Mary Baker Eddy does offer the occasional “out” for the Christian Scientist who is struggling. Ms. Eddy reminds diligent readers of Science and Health on the first page of Chapter 13:

  • While a course of medical study is at times severely condemned by some Scientists, she feels, as she always has felt, that all are privileged to work out their own salvation according to their light, and that our motto should be the Master’s counsel, “Judge not, that ye be not judged.”

A few Christian-Science inspired institutions, even generously allow for the temporary use of doctor-prescribed medicine apparently it will be “compassionately regarded” but let’s be honest: “Students who rely on medicine beyond one term will be asked to temporarily withdraw until such usage is discontinued.”

Then there are the Christian Science institutions who proudly proclaim the people who stay at their facility are

  • not nominal worshippers. They have set out to preclude the Adam dream by refusing to take the medical route. They have surrendered all, trusting divine Truth to break the dream. They are God’s merchandise, and will not be tinkered with by any other method. They refuse to be called just a lot of sick folk, but they are a peculiar people. These are among those who have had more than one proof of God’s care, and are waiting for the next one here and now.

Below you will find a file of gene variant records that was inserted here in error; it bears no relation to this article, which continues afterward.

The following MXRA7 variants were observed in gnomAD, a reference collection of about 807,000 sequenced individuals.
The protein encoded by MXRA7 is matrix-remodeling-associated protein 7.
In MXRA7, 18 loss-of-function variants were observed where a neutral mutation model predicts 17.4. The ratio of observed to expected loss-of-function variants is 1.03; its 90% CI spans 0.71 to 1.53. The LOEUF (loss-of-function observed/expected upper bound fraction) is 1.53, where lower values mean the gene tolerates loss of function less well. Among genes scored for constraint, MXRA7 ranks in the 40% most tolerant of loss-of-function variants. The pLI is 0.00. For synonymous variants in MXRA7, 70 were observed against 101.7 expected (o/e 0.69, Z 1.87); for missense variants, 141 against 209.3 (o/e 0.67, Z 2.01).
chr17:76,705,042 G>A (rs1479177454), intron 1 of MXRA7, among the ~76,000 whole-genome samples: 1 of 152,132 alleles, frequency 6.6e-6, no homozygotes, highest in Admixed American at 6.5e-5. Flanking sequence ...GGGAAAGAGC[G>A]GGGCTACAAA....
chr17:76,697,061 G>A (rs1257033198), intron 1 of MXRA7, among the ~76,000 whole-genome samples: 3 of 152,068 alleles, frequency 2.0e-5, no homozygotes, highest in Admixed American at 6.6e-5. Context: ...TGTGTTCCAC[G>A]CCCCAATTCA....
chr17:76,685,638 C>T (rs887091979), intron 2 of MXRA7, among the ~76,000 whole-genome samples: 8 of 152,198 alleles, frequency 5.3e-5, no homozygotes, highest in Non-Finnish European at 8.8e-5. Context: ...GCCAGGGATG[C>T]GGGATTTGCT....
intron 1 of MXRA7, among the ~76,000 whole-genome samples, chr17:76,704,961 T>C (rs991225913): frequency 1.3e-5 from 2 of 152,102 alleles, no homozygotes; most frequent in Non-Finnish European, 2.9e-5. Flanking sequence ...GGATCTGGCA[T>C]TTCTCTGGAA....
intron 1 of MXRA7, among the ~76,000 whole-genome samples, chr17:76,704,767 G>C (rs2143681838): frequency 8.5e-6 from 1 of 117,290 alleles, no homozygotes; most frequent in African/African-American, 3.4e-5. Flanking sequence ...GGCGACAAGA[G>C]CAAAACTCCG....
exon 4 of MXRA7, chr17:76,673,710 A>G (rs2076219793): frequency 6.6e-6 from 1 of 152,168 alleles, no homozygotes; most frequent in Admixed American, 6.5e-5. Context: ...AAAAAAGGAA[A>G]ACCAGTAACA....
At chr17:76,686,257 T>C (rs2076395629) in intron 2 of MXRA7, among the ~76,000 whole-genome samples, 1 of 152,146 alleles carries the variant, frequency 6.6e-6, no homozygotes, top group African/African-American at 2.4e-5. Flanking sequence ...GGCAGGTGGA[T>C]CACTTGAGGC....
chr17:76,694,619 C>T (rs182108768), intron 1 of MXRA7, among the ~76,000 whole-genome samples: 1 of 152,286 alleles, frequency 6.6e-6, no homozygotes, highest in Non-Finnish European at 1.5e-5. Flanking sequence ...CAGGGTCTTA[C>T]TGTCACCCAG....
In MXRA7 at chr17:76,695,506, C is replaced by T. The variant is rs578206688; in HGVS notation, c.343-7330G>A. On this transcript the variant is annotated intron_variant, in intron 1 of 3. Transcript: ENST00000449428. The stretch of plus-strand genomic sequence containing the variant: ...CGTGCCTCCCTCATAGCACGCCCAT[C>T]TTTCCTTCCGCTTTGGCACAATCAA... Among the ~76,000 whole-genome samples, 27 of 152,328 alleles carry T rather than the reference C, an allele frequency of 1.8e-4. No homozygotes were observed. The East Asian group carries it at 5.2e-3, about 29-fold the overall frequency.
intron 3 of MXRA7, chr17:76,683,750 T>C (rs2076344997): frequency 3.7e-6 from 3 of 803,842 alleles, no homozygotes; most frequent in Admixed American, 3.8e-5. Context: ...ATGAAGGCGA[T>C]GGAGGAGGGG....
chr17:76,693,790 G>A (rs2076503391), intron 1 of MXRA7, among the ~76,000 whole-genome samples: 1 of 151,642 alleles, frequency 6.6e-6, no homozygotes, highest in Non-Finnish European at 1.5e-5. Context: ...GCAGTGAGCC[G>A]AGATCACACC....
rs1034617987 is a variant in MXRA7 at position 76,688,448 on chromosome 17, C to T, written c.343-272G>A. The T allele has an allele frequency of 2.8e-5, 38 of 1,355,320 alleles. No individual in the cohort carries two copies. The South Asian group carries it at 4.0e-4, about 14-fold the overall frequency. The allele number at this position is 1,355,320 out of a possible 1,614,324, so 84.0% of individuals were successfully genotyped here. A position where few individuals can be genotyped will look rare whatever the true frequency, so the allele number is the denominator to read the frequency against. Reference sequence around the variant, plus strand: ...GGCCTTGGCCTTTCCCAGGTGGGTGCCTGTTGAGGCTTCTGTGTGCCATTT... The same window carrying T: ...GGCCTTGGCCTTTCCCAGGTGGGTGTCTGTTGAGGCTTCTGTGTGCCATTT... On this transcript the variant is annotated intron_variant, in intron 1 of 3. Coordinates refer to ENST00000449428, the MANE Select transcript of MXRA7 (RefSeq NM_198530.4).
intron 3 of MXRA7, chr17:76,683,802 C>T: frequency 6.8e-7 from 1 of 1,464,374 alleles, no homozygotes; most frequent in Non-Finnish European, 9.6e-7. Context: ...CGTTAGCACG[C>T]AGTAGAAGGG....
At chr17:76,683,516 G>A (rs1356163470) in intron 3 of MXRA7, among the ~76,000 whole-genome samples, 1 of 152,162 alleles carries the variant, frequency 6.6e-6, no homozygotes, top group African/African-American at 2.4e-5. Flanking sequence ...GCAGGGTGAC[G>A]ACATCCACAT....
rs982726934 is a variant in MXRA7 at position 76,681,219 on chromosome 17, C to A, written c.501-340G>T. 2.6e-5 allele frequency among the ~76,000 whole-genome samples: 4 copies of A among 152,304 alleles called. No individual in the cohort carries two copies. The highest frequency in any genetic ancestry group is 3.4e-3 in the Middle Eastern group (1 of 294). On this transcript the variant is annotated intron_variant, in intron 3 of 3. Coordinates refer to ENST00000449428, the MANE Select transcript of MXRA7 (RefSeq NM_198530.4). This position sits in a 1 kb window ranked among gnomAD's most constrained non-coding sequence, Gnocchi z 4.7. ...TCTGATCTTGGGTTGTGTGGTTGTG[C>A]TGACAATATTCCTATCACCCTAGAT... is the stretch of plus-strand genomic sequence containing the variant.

How are these attitudes loving? For a religion which claims to emanate (2) Divine Love it treats those who are wrestling with “the Adam dream” (or whatever the problem is) in the most unloving and judgmental of ways.

A commenter recently challenged my statement that Christian Science does not have to be deadly, to which I responded in part by saying

  • Today’s CS seem to come with the attitude that CS is somehow superior to modern medicine, and that they have no need to avail themselves of material aid – often at their peril. While other schools of religion embrace the idea that God has given us the knowledge and technology to intervene and cure diseases, CS continues to happily deny that disease is real at all. A compromise is in order, until CS start to heal and ascend – JUST LIKE JESUS DID, responsible medical practices should be encouraged.